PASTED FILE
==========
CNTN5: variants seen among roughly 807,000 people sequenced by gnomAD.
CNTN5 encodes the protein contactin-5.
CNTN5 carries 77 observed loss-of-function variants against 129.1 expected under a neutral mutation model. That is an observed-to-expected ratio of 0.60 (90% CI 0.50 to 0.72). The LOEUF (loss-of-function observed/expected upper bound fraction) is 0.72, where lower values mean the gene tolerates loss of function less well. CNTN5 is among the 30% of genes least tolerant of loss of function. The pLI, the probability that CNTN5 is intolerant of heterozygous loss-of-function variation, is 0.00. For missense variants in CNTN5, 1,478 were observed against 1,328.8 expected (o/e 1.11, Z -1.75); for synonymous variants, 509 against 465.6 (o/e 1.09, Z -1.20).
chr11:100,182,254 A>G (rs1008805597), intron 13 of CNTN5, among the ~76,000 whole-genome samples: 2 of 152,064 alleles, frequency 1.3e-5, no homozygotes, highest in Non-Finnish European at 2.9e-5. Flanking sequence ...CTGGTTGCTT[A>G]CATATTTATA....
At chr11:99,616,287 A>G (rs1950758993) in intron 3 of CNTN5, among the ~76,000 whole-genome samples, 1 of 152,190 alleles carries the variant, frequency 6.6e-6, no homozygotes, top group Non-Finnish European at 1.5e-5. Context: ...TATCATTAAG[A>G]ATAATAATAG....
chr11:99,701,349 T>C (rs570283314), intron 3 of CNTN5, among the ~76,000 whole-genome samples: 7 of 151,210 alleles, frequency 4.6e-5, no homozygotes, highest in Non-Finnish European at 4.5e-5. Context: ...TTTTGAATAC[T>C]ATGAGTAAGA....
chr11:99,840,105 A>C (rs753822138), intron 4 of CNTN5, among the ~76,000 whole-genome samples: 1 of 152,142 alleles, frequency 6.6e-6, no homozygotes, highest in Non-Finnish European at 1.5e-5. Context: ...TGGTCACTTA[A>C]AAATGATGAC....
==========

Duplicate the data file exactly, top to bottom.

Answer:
CNTN5: variants seen among roughly 807,000 people sequenced by gnomAD.
CNTN5 encodes the protein contactin-5.
CNTN5 carries 77 observed loss-of-function variants against 129.1 expected under a neutral mutation model. That is an observed-to-expected ratio of 0.60 (90% CI 0.50 to 0.72). The LOEUF (loss-of-function observed/expected upper bound fraction) is 0.72, where lower values mean the gene tolerates loss of function less well. CNTN5 is among the 30% of genes least tolerant of loss of function. The pLI, the probability that CNTN5 is intolerant of heterozygous loss-of-function variation, is 0.00. For missense variants in CNTN5, 1,478 were observed against 1,328.8 expected (o/e 1.11, Z -1.75); for synonymous variants, 509 against 465.6 (o/e 1.09, Z -1.20).
chr11:100,182,254 A>G (rs1008805597), intron 13 of CNTN5, among the ~76,000 whole-genome samples: 2 of 152,064 alleles, frequency 1.3e-5, no homozygotes, highest in Non-Finnish European at 2.9e-5. Flanking sequence ...CTGGTTGCTT[A>G]CATATTTATA....
At chr11:99,616,287 A>G (rs1950758993) in intron 3 of CNTN5, among the ~76,000 whole-genome samples, 1 of 152,190 alleles carries the variant, frequency 6.6e-6, no homozygotes, top group Non-Finnish European at 1.5e-5. Context: ...TATCATTAAG[A>G]ATAATAATAG....
chr11:99,701,349 T>C (rs570283314), intron 3 of CNTN5, among the ~76,000 whole-genome samples: 7 of 151,210 alleles, frequency 4.6e-5, no homozygotes, highest in Non-Finnish European at 4.5e-5. Context: ...TTTTGAATAC[T>C]ATGAGTAAGA....
chr11:99,840,105 A>C (rs753822138), intron 4 of CNTN5, among the ~76,000 whole-genome samples: 1 of 152,142 alleles, frequency 6.6e-6, no homozygotes, highest in Non-Finnish European at 1.5e-5. Context: ...TGGTCACTTA[A>C]AAATGATGAC....